Seven ways to transfer files between an Android phone and a computer

Seven ways to transfer files between an Android phone and a computer


Sometimes you need a file from your Android phone on the PC and vice versa. Although a few years ago that was almost synonymous with plugging the phone to the PC using its cable, today there are plenty of alternatives to transfer files between a PC and an Android phone.

For you to choose the one that suits you, here we suggest X ways to transfer files from Android to PC and vice versa, both with external applications and with generic, common and not so common methods.

With a USB cable

It is, in a way, the standard way to access the files of the mobile from the PC, although it has the disadvantage that you need to use a quality cable and that, sometimes, it may fail or be a bit slower than other methods.

All you need is to connect the mobile phone to the PC using a USB cable and choose the option Transfer photos or Transfer files on the mobile. Both options have similar behaviour, although the technology behind varies. In essence, the result is that the mobile folders are displayed in the file browser, so you can copy and move files as you wish.

In Windows, you will find your mobile phone under the name of the device, being able to access its internal memory or micro SD card (if any). Although it behaves just like Windows folders, the system is a bit slower, so it is better to copy files and do operations little by little to avoid saturation.

With the official application

The official Android mobile applications for PC are a few doldrums, but some manufacturers like Samsung or Huawei are still betting on them. They don’t really differ too much from the cable connection, except that you use a special application to handle the files.

The use varies from one brand to another, although generally, you must follow a series of steps to make the connection between the application on the mobile and the mobile. Nothing complicated, except accept connections on the mobile and connect the cable at the right time. Usually, an assistant is included to help you during the process.

Via Bluetooth

Sending files via Bluetooth is a bit out of order because it is not entirely practical and somewhat slow, although it is good to take it into account when other options are not available. The good thing is that, if your PC has Bluetooth connectivity, you don’t depend on other apps or cables.

In this case, you need to be more proactive because you must send the file from one device and accept its reception on the other. To send a file from Android you must use the Android Share menu, but Windows must be configured to wait for the reception of a file. This is done with a right-click on the Bluetooth icon in the Notification Area, choosing to Receive a file.

To do the opposite, that is, to send files from Windows to your mobile, you must right click on the Bluetooth icon and choose to Send a file. Then you need to choose your mobile in the next step and, finally, the file in question. In the mobile, you must accept the reception of the file.

With AirDroid, PushBullet and the like

In addition to official applications, there are third-party offers that also serve as a bridge between the mobile and the PC. The most famous is AirDroid, although it is not the only one. Another well-known alternative is PushBullet, although in this case, the free version has more limitations.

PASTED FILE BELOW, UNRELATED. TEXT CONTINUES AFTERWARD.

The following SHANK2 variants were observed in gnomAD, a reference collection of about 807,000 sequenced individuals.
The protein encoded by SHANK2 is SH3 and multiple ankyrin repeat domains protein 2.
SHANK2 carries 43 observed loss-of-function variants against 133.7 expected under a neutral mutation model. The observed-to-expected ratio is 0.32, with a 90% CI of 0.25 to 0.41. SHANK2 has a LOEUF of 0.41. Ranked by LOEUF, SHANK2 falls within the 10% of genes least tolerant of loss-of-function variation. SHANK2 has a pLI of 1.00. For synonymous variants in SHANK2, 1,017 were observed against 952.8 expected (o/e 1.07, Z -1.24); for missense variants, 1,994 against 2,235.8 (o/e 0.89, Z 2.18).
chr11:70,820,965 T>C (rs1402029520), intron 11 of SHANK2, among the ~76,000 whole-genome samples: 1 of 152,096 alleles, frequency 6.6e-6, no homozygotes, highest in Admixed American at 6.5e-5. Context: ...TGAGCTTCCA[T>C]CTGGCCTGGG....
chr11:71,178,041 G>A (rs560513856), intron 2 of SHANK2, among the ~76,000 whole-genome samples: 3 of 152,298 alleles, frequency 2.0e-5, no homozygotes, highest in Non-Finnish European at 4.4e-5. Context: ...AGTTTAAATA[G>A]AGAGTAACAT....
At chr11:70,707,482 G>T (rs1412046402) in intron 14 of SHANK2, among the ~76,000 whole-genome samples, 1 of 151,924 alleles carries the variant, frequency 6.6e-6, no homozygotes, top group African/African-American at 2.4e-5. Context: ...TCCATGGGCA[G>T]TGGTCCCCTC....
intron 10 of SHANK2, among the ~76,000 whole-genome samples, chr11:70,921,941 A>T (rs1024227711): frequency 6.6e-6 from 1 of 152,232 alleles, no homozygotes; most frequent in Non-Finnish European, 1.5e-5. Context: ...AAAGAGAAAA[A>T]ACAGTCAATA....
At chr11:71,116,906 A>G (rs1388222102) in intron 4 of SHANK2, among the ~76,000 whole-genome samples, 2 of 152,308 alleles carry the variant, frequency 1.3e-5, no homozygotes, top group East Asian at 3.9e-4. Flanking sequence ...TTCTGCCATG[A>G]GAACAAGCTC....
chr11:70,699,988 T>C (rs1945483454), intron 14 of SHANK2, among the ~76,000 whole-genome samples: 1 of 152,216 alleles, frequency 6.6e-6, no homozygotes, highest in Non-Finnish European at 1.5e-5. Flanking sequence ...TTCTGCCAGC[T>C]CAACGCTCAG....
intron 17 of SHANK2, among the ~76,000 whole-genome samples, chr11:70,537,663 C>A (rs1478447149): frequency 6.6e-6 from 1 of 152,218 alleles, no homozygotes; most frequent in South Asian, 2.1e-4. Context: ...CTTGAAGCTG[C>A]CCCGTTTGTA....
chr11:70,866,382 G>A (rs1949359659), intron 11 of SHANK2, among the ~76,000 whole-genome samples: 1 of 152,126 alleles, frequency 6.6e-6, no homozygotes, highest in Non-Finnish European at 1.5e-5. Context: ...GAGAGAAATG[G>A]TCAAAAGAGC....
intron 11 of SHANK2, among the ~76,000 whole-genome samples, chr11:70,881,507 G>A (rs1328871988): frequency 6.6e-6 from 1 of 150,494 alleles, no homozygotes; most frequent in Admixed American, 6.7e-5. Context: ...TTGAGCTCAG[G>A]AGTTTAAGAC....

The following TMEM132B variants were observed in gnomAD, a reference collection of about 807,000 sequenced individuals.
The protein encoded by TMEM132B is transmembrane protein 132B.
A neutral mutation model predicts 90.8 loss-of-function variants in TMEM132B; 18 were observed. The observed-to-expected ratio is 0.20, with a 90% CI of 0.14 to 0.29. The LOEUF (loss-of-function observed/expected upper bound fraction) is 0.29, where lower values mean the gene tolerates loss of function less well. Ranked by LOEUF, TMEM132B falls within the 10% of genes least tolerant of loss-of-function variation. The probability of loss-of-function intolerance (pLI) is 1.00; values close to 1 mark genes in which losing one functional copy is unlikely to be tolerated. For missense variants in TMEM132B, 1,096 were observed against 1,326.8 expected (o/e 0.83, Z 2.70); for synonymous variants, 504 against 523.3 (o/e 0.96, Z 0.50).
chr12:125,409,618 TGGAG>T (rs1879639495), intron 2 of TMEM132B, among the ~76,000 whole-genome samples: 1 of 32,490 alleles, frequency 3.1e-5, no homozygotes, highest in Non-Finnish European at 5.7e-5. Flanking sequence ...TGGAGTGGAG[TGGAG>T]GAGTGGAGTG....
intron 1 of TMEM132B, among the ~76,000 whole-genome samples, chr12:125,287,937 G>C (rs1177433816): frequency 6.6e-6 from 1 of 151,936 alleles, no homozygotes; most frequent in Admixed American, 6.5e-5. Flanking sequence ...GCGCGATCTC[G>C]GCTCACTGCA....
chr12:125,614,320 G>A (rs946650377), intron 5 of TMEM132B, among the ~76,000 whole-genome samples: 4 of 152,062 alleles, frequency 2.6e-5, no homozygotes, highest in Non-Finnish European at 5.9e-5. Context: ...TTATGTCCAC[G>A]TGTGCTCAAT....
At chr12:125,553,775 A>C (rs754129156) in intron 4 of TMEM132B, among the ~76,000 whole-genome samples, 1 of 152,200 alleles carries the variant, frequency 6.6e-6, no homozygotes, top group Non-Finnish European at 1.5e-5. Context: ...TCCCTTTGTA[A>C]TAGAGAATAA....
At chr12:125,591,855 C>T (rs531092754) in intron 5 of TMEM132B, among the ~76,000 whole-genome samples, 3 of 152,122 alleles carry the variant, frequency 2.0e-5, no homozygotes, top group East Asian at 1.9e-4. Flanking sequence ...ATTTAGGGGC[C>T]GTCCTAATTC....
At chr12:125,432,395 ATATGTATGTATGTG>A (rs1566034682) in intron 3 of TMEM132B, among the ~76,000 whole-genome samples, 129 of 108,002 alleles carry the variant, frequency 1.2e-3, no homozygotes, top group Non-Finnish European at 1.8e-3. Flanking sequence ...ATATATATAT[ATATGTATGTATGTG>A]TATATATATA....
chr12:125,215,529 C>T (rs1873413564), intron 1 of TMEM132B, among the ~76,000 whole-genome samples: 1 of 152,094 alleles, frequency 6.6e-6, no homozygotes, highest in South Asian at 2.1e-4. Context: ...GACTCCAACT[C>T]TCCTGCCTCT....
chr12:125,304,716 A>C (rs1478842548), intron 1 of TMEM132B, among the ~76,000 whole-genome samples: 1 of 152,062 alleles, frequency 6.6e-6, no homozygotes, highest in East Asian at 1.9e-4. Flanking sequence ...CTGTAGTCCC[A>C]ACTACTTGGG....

Basically they are like the official applications we saw before but running on a large number of devices instead of just a specific brand. In this case, they require that you install an application on the mobile and another on your PC, although AirDroid also has a web version.

The Google Drive, OneDrive and company cloud

Another way to access PC files on mobile and vice versa is synchronizing them in the cloud. In Android the most common is to do it with Google Drive because it is preinstalled on most devices, in addition to the PC has a web version (with an application to facilitate synchronization).

Whether you use Google Drive as Dropbox or OneDrive, the operation is the same: you upload the files from one device to be able to access them from another, being able to generate a download link to access the files more quickly.

Telegram, WhatsApp and the like

A classic way of saving and transferring files from one site to another has always been by sending them to yourself, by one means or another. If a few years ago it was normal to send the files by e-mail, now what it takes is to use the messaging applications.

In this, sending files from one ladder to another Telegram is one of the best alternatives, since its cloud service offers virtually unlimited space and even has its own section to talk to yourself. Technically it is possible to do it also with WhatsApp, although it requires a few additional steps. Facebook Messenger is another viable alternative to send files that you can later recover on other phones or PCs.

Shared folders and FTP

Finally, we cannot forget some classic and generic alternatives, such as the connection to shared units or the use of FTP servers. For this, you will need a good file browser, such as MiXPlorer (only the Silver Mix paid version is available on Google Play ).

The configuration can be somewhat tedious, but the good thing is that you only need to carry it out once. From that moment, you can access a shared folder of the PC on your mobile. It is the same story for FTP, although it requires that you have an active FTP server or on the PC or mobile. By the way, that MiXPlorer itself can create FTP and HTTP servers with the press of a button.

If you create an FTP server on your mobile, you must use an FTP client to connect to the mobile and access the files. The advantage of the HTTP server is that it works like a web page, so by entering the web address in the browser, you can now access the files.

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